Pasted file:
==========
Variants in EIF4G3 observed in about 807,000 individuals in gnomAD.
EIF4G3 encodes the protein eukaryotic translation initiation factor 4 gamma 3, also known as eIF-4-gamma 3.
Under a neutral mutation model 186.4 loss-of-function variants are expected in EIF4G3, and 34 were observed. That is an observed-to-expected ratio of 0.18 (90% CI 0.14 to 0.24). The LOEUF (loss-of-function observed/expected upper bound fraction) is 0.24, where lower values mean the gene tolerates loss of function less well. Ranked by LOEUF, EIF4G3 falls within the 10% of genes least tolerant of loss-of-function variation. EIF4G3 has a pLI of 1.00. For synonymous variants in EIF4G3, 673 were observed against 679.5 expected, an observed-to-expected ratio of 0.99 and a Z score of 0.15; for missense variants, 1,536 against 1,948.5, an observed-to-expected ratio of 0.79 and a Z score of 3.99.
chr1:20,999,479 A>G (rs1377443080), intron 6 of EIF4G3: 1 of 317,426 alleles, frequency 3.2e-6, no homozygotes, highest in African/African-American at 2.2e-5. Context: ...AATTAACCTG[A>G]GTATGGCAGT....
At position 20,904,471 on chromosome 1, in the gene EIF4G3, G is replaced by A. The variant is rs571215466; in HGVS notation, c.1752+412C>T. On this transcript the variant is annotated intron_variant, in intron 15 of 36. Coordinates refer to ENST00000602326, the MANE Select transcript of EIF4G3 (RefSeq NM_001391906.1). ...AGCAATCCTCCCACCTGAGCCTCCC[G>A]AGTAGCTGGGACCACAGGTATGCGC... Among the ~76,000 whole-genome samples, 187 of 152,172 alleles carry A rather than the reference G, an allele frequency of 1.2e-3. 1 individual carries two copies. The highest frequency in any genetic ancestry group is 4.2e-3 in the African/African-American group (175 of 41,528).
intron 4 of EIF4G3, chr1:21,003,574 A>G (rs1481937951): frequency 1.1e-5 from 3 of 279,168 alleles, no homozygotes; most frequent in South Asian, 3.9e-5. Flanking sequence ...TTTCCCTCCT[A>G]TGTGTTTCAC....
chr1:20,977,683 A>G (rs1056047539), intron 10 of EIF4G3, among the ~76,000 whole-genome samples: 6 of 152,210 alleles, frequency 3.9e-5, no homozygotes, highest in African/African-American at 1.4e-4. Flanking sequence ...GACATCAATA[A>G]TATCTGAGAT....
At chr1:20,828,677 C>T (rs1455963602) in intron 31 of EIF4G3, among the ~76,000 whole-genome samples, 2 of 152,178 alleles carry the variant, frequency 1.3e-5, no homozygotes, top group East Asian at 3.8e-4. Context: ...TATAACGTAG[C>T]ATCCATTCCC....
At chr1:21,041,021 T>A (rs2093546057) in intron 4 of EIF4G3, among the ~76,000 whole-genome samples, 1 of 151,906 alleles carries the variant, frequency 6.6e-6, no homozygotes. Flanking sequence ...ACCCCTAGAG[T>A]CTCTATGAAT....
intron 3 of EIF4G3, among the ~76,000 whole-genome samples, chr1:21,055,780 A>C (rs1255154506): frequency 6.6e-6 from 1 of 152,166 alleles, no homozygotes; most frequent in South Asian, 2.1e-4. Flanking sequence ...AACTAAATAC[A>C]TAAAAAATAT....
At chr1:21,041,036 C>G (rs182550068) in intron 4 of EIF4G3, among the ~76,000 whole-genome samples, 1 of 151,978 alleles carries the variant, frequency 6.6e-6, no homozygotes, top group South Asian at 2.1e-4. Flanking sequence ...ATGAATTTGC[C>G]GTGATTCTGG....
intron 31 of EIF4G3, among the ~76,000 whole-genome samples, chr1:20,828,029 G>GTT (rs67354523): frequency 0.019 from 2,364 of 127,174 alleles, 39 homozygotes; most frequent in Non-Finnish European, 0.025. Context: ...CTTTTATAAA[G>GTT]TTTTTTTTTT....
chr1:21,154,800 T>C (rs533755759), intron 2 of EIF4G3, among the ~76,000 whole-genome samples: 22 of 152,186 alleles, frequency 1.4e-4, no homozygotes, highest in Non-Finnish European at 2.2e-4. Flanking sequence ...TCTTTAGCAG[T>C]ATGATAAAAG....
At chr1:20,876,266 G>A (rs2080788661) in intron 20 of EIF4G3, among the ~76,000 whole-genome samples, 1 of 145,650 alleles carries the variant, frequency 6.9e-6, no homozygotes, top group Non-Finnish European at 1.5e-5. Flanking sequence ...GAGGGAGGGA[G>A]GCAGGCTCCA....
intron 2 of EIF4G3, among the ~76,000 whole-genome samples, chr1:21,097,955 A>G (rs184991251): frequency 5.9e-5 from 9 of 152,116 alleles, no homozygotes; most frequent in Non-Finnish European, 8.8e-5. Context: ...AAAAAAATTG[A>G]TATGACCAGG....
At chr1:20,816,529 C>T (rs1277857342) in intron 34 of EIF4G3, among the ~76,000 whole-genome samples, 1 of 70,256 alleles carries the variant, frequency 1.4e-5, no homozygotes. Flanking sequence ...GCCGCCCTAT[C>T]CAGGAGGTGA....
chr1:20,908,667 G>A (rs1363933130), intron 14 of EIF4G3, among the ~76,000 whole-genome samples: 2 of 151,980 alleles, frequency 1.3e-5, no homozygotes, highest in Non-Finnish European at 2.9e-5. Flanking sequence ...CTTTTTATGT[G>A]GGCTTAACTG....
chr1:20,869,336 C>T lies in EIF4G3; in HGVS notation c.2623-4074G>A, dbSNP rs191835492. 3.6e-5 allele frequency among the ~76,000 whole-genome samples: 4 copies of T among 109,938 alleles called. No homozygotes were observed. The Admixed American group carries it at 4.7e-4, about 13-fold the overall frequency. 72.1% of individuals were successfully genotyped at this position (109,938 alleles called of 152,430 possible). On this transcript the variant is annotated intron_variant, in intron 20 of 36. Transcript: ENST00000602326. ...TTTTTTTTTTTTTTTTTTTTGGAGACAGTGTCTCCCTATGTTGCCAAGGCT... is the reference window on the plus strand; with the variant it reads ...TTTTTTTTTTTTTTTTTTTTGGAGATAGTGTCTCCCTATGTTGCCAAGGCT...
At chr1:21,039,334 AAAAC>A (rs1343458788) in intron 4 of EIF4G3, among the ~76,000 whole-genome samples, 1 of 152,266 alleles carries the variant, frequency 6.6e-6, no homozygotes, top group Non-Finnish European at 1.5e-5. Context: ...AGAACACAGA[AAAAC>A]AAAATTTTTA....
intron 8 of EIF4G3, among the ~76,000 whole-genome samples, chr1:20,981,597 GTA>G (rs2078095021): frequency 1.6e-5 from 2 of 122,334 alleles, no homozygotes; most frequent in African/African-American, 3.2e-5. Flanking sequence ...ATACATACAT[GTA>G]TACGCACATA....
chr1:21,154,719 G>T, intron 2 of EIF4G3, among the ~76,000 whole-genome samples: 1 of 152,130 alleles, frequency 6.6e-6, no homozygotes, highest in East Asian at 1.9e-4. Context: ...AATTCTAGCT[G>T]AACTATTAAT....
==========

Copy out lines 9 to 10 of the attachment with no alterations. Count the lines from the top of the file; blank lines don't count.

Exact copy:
At chr1:21,041,021 T>A (rs2093546057) in intron 4 of EIF4G3, among the ~76,000 whole-genome samples, 1 of 151,906 alleles carries the variant, frequency 6.6e-6, no homozygotes. Flanking sequence ...ACCCCTAGAG[T>A]CTCTATGAAT....
intron 3 of EIF4G3, among the ~76,000 whole-genome samples, chr1:21,055,780 A>C (rs1255154506): frequency 6.6e-6 from 1 of 152,166 alleles, no homozygotes; most frequent in South Asian, 2.1e-4. Flanking sequence ...AACTAAATAC[A>C]TAAAAAATAT....